The Art Of Practicing Music
by Adrian Moring
Practicing music, just like playing music, is truly an art unto itself. As one searches for new musical concepts and instrumental techniques, it becomes apparent that it takes a perfect balance of mental and physical energy to progress. In addition to this, learning to listen intently and critically to yourself is a large part of practice and development as a musician. When developing a routine for practicing, it is important to take a step back and truly compare the sound you hear in your head to the sound you produce on your instrument. In doing this, you not only give yourself more tools to work with, you also develop a strong and discerning ear for music.
Develop A Relationship With Your Instrument
The first step in this journey is to develop a relationship with your instrument on a technical level. Although this may seem like the most superficial part of your journey, it is imperative to lay a strong foundation as to controlling the sound of your instrument. A musician with good technique is often thought of as someone who can play very fast or complicated passages. This could not be further from the truth. A musician with good technique is someone that can execute the sound that they hear in their head while not doing permanent damage to their body. Learning from a good teacher that can tell you if your shoulders are slumped down or are not maintaining a proper embouchure can make a world of difference as you continue to play. Tendonitis and chop problems are common afflictions amongst musicians. Having a teacher to discourage bad habits that would lead to these problems is important and will allow you to keep performing. Scales, arpeggios, long tones and technical exercises derived from books are great ways to develop your technique on your instrument. Strive to be creative with these technical practices as well. If you are fluid with the C Major scale, move to a new key. Practice all of these things at different tempos as well. Once you feel comfortable with scales and arpeggios in all twelve keys, try composing your own exercises that target your weak points. There is an endless wealth of options that one can undertake in the technical world of music.
Organize Your Time
The key to successful practicing is finding a balance with all of your daily activities and routines. Organizing your practice session before picking up your instrument is critical to taking advantage of the allotted time. Writing out a detailed schedule for practicing, or at least having a game plan in mind, can make the most out of any block of time. An hour long practice session is ideal, but consistency is the key element. Here is an example schedule:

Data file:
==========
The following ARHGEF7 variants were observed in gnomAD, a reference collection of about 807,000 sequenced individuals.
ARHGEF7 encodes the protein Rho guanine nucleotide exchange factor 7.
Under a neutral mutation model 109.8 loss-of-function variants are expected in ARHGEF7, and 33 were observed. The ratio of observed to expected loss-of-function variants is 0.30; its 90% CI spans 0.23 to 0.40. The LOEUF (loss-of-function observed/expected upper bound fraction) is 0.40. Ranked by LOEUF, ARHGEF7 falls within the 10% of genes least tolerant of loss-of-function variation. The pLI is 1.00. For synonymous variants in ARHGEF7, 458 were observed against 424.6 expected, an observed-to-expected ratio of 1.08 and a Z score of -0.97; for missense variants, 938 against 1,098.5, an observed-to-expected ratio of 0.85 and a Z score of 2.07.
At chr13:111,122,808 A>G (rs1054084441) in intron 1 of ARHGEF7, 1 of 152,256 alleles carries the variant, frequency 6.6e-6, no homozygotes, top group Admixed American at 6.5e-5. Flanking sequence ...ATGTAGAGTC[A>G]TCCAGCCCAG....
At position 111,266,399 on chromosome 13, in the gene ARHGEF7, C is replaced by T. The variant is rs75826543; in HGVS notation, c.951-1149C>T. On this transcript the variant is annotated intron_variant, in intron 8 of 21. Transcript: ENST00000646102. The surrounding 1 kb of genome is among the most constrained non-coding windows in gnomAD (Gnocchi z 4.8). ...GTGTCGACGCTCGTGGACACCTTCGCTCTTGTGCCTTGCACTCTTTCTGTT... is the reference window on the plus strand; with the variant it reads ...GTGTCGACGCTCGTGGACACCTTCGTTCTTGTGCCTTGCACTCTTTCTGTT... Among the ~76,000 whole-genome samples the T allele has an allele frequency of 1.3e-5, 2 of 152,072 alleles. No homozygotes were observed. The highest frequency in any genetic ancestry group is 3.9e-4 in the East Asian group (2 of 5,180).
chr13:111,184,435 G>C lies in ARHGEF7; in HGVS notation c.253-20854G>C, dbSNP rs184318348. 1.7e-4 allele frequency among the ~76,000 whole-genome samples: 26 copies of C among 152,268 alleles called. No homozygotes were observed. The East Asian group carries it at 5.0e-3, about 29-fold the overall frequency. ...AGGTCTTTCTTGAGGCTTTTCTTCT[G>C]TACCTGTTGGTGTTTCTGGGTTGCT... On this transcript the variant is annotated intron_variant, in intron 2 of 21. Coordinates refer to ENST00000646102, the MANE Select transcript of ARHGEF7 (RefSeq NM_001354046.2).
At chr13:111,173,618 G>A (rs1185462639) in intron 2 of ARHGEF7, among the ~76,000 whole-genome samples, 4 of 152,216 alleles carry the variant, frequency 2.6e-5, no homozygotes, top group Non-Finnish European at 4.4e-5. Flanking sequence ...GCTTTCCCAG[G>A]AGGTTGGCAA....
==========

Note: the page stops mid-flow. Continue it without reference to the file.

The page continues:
- Long Tones with Metronome (10 minutes)
- Scales and Arpeggios with Metronome (15 Minutes)
- Isolated Practice of Challenging Passages within a piece of music(10 minutes)
- Playing with a record or playing through musically fulfilling solo pieces such as anything written by Bach (25 minutes)
With even more time, you can delve into each category for longer periods. Bach is a great example because there is such a wealth of inspiration in one piece, that his whole catalog will take lifetimes to fully consume and digest. Find something that inspires you, and delve as deep as you can into it. You will be surprised how many layers you will uncover in the music.
Listen To Yourself
After a period of focused and dedicated practice, you will see definitive improvement in your playing. This can be an equally gratifying and addicting feeling. If you develop a rigid routine and do it every day the same way, it will improve your playing for a while until you may experience what some teachers refer to as “leveling out”. This is when you have improved for a time, until you reach a point where your routine merely keeps you on the same level of musicianship. This can be discouraging, but the way to combat this is to change up your routine. This is where we must apply the skill of “listening to ourselves”. As we play, the physical act of what we are doing can take over our mental state. Using cheap recording techniques such as the Voice Memo function on a smartphone is an excellent way to exit the one-sided experience of playing our instruments. Listen back intently and critically.
- What parts of your playing do you enjoy and want to pursue further?
- What parts of your playing need improvement?
- Can you hear beyond the notes you are playing and judge the quality of your work?
Listen to your favorite musicians on your instrument and do an A/B comparison with your recording. What is different, and what do you think the next step is in your journey? Keep this awareness throughout your musical career. Learn how to critically listen to yourself and you will deepen how you listen to others.
Music is a far cry from science and many hours practicing your instrument does not necessarily equal improvement. However, if we strive to stay aware and open to new musical ideas, in addition to practicing diligently, we will achieve a new level of musicianship.